Once upon a time someone told me that programmers can’t test their own code. I can’t remember who told me this, but I’ve been repeating it ever since.
Most of the work I do is as a solitary programmer. This is true for my personal projects as well as work I get as a freelancer and almost everything I’ve done as part of a bigger team. In some cases I’ll have people who test for me, in others I have to organise testing myself.
This is the bit where I boldly state, “a programmer can’t test their own code,” and pass it on to someone else.
So, we need a human tester.
Then I thought about it, why can’t I test my own code? The theory I had been working to was that I knew my way around the software, I would subconsciously avoid sections of the site or app or whatever that I wasn’t confident about.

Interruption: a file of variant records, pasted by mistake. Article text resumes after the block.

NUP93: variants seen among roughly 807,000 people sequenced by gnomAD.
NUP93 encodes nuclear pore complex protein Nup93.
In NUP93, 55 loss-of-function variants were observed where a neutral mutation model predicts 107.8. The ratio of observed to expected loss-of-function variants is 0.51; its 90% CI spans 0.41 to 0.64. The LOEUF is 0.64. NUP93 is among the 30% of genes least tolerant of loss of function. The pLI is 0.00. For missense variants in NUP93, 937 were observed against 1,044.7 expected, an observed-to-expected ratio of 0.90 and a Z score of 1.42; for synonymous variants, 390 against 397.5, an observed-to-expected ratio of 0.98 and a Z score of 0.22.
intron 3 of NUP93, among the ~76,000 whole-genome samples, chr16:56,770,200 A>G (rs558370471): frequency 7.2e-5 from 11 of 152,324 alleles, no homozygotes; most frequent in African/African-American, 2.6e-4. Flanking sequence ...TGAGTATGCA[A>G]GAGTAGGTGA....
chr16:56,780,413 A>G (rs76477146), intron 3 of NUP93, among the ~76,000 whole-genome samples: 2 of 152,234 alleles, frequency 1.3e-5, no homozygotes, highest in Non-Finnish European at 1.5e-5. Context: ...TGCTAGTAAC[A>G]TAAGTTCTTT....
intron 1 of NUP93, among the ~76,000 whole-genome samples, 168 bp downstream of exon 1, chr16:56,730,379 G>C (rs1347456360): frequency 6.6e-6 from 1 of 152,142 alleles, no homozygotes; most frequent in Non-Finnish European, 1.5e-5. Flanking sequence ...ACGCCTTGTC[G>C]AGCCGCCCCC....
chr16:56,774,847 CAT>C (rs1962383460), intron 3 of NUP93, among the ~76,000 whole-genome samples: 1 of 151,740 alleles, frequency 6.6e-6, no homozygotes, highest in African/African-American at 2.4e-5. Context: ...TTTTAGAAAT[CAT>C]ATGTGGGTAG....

Of course, this is the bit where the people who call themselves software engineers (or testers, but then that’s kind of the point of this post) rather than programmers will start screaming about test plans.
And they’re right, but if you can find me 1 solo programmer who has a comprehensive test plan for the project they’re working on, then I’ve already tripped over a hundred or so that don’t, yeah, this includes me.
Of course, everyone already knows this, I’m not writing anything new here, except of course that old refrain that I’d been hanging on to (and to which, I’m sure, cling many other programmers) needs to be changed, it’s really:
Programmers don’t want to test their own code.
Which has the sad implication for me that I CAN test my own code, I just have to put in the extra effort to do so.